F1 journalist Scott Mitchell says Lewis Hamilton “felt the race and title fight was ‘manipulated’”, and “it should be a leading priority for the FIA to understand the severity of that”.
Amid recent reports surrounding Lewis Hamilton’s media silence since the Abu Dhabi Grand Prix, more and more journalists are calling the FIA out for their lack of tangible response to the controversial ending of that race.
BBC’s Andrew Bensons reported that Hamilton’s future might depend on what the FIA will do regarding the disputed decisions that race director Michael Masi made in the final laps of the race, which basically handed the world title to Max Verstappen.
The Race’s Scott Mitchell joins in by calling the FIA out and urging them to take the matter very seriously.
“The longer the silence, the stronger the speculation around Lewis Hamilton’s Formula 1 future grows,” Mitchell wrote.
“But his silence is not the problem, it’s a consequence of inaction elsewhere – and his future is getting tangled in a mess of someone else’s making.
“Hamilton’s silence has been interpreted by some as the actions of a sore loser, accompanied by inevitable criticisms and advice he should just accept what happened and move on, or ‘come back stronger’.
“Those who believe that underestimate the severity of what happened in Abu Dhabi and have also misplaced who is responsible for bringing closure to this matter.
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“Team and driver were, and probably still are, deeply hurt by what happened in Abu Dhabi and there was a clear sense of betrayal in [Toto] Wolff’s words last month.”
While announcing that Mercedes would not launch an appeal over what happened in Abu Dhabi, Mercedes team boss Toto Wolff very publicly questioned the fairness and sporting integrity of the decisions that were made.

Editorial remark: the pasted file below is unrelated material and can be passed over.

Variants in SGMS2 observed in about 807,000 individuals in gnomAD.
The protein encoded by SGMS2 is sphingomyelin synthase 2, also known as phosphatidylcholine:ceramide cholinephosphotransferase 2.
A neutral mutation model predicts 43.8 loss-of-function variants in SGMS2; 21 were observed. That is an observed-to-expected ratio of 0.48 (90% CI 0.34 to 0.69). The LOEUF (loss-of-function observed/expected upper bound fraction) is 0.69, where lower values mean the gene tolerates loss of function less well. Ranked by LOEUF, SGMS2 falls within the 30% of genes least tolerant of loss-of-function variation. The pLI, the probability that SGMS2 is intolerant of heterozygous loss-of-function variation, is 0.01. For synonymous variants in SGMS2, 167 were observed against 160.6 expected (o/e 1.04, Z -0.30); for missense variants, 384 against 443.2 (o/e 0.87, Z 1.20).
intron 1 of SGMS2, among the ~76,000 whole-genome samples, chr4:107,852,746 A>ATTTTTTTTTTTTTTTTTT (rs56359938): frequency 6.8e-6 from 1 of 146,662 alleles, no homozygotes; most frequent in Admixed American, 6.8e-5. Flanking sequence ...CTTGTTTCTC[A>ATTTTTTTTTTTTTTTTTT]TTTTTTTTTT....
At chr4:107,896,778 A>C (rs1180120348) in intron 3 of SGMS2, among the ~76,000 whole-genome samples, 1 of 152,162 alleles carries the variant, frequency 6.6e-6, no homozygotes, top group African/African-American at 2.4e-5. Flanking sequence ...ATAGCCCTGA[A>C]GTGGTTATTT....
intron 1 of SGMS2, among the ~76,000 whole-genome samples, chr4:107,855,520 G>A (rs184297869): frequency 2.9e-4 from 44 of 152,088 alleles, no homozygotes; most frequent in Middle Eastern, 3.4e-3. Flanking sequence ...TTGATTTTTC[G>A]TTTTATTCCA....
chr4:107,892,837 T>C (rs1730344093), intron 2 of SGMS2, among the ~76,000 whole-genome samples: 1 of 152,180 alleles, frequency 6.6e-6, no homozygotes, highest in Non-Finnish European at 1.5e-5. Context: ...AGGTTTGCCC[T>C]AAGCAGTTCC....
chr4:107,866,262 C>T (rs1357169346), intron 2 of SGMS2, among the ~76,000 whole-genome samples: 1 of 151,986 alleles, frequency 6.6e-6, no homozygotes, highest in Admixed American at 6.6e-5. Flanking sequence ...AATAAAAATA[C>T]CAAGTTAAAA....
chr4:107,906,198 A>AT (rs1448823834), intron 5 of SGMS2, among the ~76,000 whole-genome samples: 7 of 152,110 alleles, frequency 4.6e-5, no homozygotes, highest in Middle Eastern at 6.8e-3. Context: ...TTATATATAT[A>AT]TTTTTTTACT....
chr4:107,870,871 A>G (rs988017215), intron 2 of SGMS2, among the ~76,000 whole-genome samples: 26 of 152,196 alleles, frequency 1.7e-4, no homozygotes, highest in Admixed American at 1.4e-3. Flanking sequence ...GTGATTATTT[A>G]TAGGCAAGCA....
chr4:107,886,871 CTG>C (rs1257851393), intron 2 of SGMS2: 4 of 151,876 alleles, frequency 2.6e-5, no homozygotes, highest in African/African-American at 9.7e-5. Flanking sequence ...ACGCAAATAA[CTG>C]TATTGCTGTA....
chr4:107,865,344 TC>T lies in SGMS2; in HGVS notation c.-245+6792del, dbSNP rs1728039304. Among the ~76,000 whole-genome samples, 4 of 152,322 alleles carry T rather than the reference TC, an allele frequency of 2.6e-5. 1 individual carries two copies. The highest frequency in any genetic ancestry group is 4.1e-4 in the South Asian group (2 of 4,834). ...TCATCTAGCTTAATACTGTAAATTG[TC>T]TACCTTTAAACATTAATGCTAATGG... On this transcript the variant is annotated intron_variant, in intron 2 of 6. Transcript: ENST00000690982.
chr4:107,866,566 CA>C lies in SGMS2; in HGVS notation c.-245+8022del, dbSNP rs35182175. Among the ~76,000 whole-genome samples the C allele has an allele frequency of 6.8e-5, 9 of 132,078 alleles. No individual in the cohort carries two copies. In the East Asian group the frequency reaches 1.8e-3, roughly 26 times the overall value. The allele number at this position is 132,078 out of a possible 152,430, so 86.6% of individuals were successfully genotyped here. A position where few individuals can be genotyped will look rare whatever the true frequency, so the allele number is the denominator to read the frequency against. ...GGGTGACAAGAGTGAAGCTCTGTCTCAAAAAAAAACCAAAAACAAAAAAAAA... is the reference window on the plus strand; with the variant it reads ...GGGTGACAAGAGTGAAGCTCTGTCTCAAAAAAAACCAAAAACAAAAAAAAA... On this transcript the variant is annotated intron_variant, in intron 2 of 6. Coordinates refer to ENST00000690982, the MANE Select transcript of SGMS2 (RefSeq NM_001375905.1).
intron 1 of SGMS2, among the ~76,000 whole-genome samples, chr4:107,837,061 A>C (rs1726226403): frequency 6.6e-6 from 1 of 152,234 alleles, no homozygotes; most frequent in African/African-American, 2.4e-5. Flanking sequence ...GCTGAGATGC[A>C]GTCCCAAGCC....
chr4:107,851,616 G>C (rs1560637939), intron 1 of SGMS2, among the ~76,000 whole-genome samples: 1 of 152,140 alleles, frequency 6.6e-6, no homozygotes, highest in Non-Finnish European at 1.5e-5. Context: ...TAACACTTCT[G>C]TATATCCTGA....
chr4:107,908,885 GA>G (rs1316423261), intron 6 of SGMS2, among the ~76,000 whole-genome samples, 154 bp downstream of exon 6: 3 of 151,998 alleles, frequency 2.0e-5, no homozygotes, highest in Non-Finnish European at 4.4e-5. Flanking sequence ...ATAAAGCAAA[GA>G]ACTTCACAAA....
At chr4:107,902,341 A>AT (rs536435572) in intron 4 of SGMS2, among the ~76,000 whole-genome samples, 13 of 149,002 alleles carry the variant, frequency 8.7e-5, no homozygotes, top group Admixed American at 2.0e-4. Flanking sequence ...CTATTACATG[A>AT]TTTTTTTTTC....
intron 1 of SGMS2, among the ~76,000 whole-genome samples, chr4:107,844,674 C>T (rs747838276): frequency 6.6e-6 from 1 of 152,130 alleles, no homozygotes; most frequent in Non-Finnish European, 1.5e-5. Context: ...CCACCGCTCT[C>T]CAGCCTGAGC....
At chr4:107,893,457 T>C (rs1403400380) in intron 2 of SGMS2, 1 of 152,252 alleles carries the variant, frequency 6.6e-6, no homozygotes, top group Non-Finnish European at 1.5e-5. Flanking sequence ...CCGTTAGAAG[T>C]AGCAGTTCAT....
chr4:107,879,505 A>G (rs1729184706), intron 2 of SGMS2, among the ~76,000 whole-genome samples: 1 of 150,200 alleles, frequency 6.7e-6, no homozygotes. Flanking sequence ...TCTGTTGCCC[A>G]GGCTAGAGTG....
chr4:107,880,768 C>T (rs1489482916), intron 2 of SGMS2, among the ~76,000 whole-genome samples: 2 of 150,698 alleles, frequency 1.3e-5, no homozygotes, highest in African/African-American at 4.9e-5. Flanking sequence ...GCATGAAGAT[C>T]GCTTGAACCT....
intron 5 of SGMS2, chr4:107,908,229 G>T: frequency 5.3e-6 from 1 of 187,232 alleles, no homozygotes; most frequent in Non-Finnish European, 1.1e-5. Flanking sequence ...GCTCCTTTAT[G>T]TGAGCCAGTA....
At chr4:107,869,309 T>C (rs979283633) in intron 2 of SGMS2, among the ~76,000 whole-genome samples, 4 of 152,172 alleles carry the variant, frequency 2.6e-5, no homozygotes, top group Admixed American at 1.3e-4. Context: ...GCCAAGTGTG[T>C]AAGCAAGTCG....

“For Wolff to question F1’s authenticity and fairness was huge, especially as we can believe he was expressing a view Hamilton also shared, especially as Hamilton prides himself in being a principled person and racing driver,” Mitchell continued.
“That makes what happened so difficult for him to stomach. According to Wolff, Hamilton will conclude that he needs to continue because he’s still performing at such a high level.
“But it may well come down to whether he has faith in the system around him.”
In the immediate aftermath of the race the FIA’s World Motorsport Council announced they will perform an analysis of what had happened, to determine how they can avoid similar situations in the future, but Mitchell argues they have not really done enough.
“With radio silence since the messaging around the post-Abu Dhabi World Motor Sport Council meeting, and a less than convincing first address of the topic by new FIA president Mohammed Ben Sulayem, you have to wonder how seriously the FIA is taking the prospect that its actions (and now its inaction) could drive Hamilton out of F1.
“It’s vital that any driver trusts the system that governs the sport. And Hamilton’s not just any driver, he’s one who felt the race and title fight was “manipulated” – it should be a leading priority for the FIA to understand the severity of that.
“This is the self-styled pinnacle of motorsport. And it’s the responsibility of the FIA to prove to Hamilton it is up to that standard.
“F1 as a whole needs to move on from this incident at some point but moving on doesn’t mean sweeping the matter aside and letting F1 get on with its 2022 season.
“It means the FIA addressing its shortcomings, Hamilton trusting the system, and F1 recovering from the damage inflicted by the finale.
“Keeping quiet and hoping this all blows over by the new car launches, pre-season testing and a new championship, is not an acceptable outcome for F1 and it would be an insult to Hamilton.
“It is not his responsibility to turn the other cheek. And in turn, it’s not his silence since December that’s a problem, it’s the FIA’s,” Mitchell concluded.